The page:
As a Christian disciple, theologian and one interested in cultural apologetics, I am immediately encouraged to hear Schiff gesture towards an explanation of this music in these ‘religious’ terms with its allusions to more explicitly Christian liturgical resources, especially given our cultural context in the West, and even given the ambiguity of Beethoven’s own personal faith. In my mind it resonates with some of the themes of Jeremy Begbie’s extremely insightful and stimulating recent work, Redeeming Transcendence in the Arts,9 whose argument concludes with a plea and an invitation. The plea is that claims about transcendence in the arts (and he particularly focuses on the dimensions of ‘otherness’ and ‘uncontainability’), ‘make explicit and assess, the theology those claims presuppose. Every judgement we make about divine transcendence, even the outright denial of it, presupposes a belief about a deity (however inchoate) and the kind of relation that deity has (or does not have) with the finite world.’10 Begbie’s invitation is to enter into what he calls ‘a scriptural imagination’, ‘palpable in Christianity’s normative texts, and no less in the creedal traditions that resonate with them—we will discover a kind of transcendence that will not only recompose what we think divine transcendence to be, but also generate immense fruitfulness and explanatory power.’11 I would contend that even a misshapen fruit like Beethoven still conveys this scriptural imagination and power. Begbie begins his final chapter entitled ‘Redeeming Transcendence’ with a quotation from Charles Taylor: ‘There are certain works of art—…the list is endless—whose power seems inseparable from their epiphanic, transcendent reference. Here the challenge is to the unbeliever, to find a non-theistic register in which to respond to them, without impoverishment.’12 It’s back to familiar cultural apologetic tropes of ‘borrowed capital’, and the ‘air that we breathe’.
However, there is a ‘sting,’ or maybe better, a ‘sadness’ in the tail. Inspired by Schiff’s lectures, I was eager to read over the summer Schiff’s memoirs published in 2020, Music Comes out of Silence. Once again it’s a fascinating and edifying read, and yet in conversation Schiff is asked if he is a religious person:
That’s hard to say. In any case, I’m not an atheist—more of an agnostic. I can’t say that I believe in God. I experience my religion, religion, my religiosity, through art. That to me is evidence of some higher force, of a spirit and a soul. Life after death? Who knows? You can’t rule it out, and you also can’t prove the contrary. I find it hard to believe that every thought that ever came into the world simply dissolves into nothing. There’s a further life inherent in every note, every thought, perhaps in the cosmos. But I must stress one thing: I have a strong aversion to any kind of fundamentalism and dogmatism. The teaching of original sin is absurd. Of course, one makes mistakes in one’s life, and feels guilt. But to live in fear of punishment—that’s appalling. One can forgive, but certain things are unforgiveable and should never be forgotten.13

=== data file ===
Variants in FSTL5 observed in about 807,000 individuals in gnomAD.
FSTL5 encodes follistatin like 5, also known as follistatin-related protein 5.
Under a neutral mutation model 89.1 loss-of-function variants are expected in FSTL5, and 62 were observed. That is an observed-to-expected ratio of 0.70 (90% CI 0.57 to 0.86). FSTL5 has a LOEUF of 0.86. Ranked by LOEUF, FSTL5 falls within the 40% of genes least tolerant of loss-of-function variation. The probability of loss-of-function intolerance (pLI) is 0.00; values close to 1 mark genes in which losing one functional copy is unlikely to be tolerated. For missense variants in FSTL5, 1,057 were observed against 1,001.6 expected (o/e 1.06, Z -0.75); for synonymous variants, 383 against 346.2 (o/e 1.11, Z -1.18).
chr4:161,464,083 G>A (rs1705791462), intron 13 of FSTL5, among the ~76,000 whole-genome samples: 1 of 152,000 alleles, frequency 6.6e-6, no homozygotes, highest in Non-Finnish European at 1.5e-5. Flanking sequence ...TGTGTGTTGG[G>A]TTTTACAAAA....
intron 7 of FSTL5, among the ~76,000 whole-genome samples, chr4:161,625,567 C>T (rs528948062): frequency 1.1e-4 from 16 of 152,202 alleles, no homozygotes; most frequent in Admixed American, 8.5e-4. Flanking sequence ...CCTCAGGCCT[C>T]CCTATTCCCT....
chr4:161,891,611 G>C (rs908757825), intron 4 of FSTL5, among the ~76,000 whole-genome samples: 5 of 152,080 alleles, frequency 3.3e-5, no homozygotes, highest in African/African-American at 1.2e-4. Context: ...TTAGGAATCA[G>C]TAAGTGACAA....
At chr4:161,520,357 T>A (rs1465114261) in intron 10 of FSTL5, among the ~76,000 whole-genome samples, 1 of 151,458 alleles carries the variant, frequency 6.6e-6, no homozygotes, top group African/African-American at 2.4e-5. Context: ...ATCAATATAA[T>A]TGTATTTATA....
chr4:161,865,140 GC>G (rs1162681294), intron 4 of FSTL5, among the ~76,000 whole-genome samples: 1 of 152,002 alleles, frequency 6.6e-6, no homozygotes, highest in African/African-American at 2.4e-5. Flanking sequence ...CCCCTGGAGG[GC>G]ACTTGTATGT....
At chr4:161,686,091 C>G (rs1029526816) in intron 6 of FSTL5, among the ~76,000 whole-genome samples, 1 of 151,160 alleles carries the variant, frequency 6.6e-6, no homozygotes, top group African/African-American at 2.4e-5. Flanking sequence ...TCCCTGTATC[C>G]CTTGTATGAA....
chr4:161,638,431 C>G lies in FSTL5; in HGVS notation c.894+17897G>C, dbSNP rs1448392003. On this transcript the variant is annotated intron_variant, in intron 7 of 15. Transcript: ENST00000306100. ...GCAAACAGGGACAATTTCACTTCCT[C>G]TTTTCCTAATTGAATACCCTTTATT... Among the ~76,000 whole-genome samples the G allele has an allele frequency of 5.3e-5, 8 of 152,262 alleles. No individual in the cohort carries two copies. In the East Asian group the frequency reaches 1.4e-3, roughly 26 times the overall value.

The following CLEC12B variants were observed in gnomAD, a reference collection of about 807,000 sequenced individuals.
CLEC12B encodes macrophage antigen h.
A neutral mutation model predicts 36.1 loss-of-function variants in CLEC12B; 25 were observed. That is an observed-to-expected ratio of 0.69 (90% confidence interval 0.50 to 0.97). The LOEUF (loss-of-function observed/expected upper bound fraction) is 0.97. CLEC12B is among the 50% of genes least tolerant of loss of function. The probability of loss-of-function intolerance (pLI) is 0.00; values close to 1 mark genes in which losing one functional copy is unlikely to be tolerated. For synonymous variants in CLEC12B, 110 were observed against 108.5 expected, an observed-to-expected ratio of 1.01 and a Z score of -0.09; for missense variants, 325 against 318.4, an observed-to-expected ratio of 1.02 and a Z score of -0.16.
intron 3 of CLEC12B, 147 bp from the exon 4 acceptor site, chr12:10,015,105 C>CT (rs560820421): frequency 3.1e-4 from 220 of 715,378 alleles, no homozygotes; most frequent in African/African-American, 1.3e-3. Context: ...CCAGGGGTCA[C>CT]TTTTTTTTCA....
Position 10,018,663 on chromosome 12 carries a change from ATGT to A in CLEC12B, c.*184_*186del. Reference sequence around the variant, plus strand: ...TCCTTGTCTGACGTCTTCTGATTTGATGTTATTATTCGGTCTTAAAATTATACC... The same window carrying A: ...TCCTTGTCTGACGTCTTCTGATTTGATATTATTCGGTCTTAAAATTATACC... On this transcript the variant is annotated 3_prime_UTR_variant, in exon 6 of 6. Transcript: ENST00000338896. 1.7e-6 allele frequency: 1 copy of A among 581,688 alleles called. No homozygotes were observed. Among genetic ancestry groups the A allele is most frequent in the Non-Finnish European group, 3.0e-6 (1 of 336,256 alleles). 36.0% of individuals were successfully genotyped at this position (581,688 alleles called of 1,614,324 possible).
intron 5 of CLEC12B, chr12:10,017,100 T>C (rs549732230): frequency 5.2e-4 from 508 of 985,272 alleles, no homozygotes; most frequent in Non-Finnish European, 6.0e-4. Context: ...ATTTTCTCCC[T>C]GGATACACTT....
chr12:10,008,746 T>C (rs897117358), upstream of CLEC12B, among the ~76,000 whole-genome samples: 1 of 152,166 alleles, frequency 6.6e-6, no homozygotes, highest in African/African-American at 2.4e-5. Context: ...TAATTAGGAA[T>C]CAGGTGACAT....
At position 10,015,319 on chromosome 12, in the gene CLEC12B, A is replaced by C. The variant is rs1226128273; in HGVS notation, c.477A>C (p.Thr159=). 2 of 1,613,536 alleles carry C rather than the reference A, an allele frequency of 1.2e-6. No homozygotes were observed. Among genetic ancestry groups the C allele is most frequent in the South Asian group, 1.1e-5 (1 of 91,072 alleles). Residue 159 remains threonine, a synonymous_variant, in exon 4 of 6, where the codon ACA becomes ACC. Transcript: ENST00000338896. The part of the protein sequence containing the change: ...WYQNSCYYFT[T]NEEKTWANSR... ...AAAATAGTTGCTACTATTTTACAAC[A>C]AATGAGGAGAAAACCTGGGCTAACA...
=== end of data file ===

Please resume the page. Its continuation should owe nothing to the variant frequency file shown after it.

Schiff, the evangelist for recognising the religious and even ‘Christian’ in Beethoven, and moreover the pianist who has done so much to champion the much more explicitly Christian work of J. S Bach, is himself an agnostic with an ill-defined, vague and distinctively un-Christian notion of transcendence.
It’s this I don’t understand. It’s this I’m frustrated by. It’s this I wrestle with and want to bang my head against a wall, because isn’t it so clear, so obvious, so simple? Just look! Just listen! Just believe! But then, of course, as I calm down, I remember that while it is obvious, in another sense it’s not, as I recognise once again in my own life as well in those around me, the madness of unbelief, the monumental nature of a culture’s defeaters, the mysteriousness of the Spirit’s work who blows where He will, the miracle of grace in the gift of faith, and our continuing mission to continue to always be prepared to give an answer to everyone who asks us to give the reason for the hope that we have.
 Steve McAlpine, ‘One Last Magnificent Porous Day’, TGC Australia, 20 September 2022, https://au.thegospelcoalition.org/article/one-last-magnificent-porous-day/.
 A comment made by Ashish Xiangyi Kumar in his analysis of the sonata. See ‘Beethoven: Sonata No. 31 in A-flat Major, Op. 110’, Youtube, 6 February 2017, https://www.youtube.com/watch?v=H3S8slvoHoU.
 ‘András Schiff Beethoven Lecture-Recitals’, Wigmore Hall, https://wigmore-hall.org.uk/podcasts/andras-schiff-beethoven-lecture-recitals.
 See, for example, J. W. N. Sullivan, Beethoven: His Spiritual Development (New York: Random House, 1960); Maynard Solomon, ‘Intimation of the Sacred’, in Late Beethoven: Music, Thought, Imagination, ed. Maynard Solomon (Berkeley: University of California Press, 2004), 198–212; Lewis Lockwood, ‘The End of the Beginning’, in Late Beethoven: Music, Thought, Imagination, ed. Maynard Solomon (Berkeley: University of California Press, 2004), 14–23.
 One thinks of Beethoven’s greatest patron, friend and dedicatee of some of Beethoven’s greatest works, the Archduke Rudolph of Austria who became Archbishop of Olmütz in 1820.
 Listen to James MacMillan’s conversation with the journalist Damian Thompson about ‘Beethoven’s Spirituality’, The Spectator, 17 December 2020, https://www.spectator.co.uk/podcast/beethoven-s-spirituality-a-conversation-with-sir-james-macmillan.
 Karl Heim, Glaube und Leben: Gesammelte Aufsatze und Vortrage, 3rd ed. (Berlin: Furche, 1928), 421, quoted in John Bolt, James D. Bratt, and Paul Visser, ed., The J. H. Bavinck Reader (Grand Rapids: Eerdmans, 2013), 198.
 Bolt, Bratt, and Visser, The J. H. Bavinck Reader, 198.
 Jeremy Begbie, Redeeming Transcendence in the Arts (London: SCM, 2018).
 Begbie, Redeeming Transcendence in the Arts, 184.
 Begbie, Redeeming Transcendence in the Arts, 185.
 Charles Taylor, A Secular Age (Cambridge MA: Harvard University Press, 2007), 607.
 András Schiff, Music Comes Out of Silence: A Memoir (London: Orion, 2021), 135.
Daniel Strange is director of Crosslands Forum, a centre for cultural engagement and missional innovation, and contributing editor of Themelios.